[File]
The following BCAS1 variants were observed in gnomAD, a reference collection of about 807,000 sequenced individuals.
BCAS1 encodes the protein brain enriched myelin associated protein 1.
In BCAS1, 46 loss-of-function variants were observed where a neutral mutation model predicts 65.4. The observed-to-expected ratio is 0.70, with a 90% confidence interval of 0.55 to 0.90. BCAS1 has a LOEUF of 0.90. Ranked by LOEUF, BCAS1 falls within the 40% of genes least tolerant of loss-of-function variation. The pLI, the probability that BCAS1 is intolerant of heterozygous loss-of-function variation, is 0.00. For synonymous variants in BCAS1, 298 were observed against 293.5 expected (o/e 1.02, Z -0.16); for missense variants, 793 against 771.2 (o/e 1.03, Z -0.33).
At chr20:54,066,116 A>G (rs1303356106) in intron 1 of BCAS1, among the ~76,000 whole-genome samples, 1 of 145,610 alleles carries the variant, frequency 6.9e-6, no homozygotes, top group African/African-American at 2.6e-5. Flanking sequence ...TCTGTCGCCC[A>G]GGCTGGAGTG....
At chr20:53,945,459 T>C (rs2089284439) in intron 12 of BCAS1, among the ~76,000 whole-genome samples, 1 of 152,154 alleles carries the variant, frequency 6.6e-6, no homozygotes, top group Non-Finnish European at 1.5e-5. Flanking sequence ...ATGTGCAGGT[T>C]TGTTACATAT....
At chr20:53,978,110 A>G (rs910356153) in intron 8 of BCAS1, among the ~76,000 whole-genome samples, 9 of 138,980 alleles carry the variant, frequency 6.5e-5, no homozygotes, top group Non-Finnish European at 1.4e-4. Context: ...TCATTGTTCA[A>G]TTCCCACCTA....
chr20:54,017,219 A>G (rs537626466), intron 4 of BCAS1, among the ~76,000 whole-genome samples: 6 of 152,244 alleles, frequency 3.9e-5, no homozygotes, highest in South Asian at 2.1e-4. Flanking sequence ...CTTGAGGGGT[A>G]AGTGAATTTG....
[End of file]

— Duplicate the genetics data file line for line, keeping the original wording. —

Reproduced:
The following BCAS1 variants were observed in gnomAD, a reference collection of about 807,000 sequenced individuals.
BCAS1 encodes the protein brain enriched myelin associated protein 1.
In BCAS1, 46 loss-of-function variants were observed where a neutral mutation model predicts 65.4. The observed-to-expected ratio is 0.70, with a 90% confidence interval of 0.55 to 0.90. BCAS1 has a LOEUF of 0.90. Ranked by LOEUF, BCAS1 falls within the 40% of genes least tolerant of loss-of-function variation. The pLI, the probability that BCAS1 is intolerant of heterozygous loss-of-function variation, is 0.00. For synonymous variants in BCAS1, 298 were observed against 293.5 expected (o/e 1.02, Z -0.16); for missense variants, 793 against 771.2 (o/e 1.03, Z -0.33).
At chr20:54,066,116 A>G (rs1303356106) in intron 1 of BCAS1, among the ~76,000 whole-genome samples, 1 of 145,610 alleles carries the variant, frequency 6.9e-6, no homozygotes, top group African/African-American at 2.6e-5. Flanking sequence ...TCTGTCGCCC[A>G]GGCTGGAGTG....
At chr20:53,945,459 T>C (rs2089284439) in intron 12 of BCAS1, among the ~76,000 whole-genome samples, 1 of 152,154 alleles carries the variant, frequency 6.6e-6, no homozygotes, top group Non-Finnish European at 1.5e-5. Flanking sequence ...ATGTGCAGGT[T>C]TGTTACATAT....
At chr20:53,978,110 A>G (rs910356153) in intron 8 of BCAS1, among the ~76,000 whole-genome samples, 9 of 138,980 alleles carry the variant, frequency 6.5e-5, no homozygotes, top group Non-Finnish European at 1.4e-4. Context: ...TCATTGTTCA[A>G]TTCCCACCTA....
chr20:54,017,219 A>G (rs537626466), intron 4 of BCAS1, among the ~76,000 whole-genome samples: 6 of 152,244 alleles, frequency 3.9e-5, no homozygotes, highest in South Asian at 2.1e-4. Flanking sequence ...CTTGAGGGGT[A>G]AGTGAATTTG....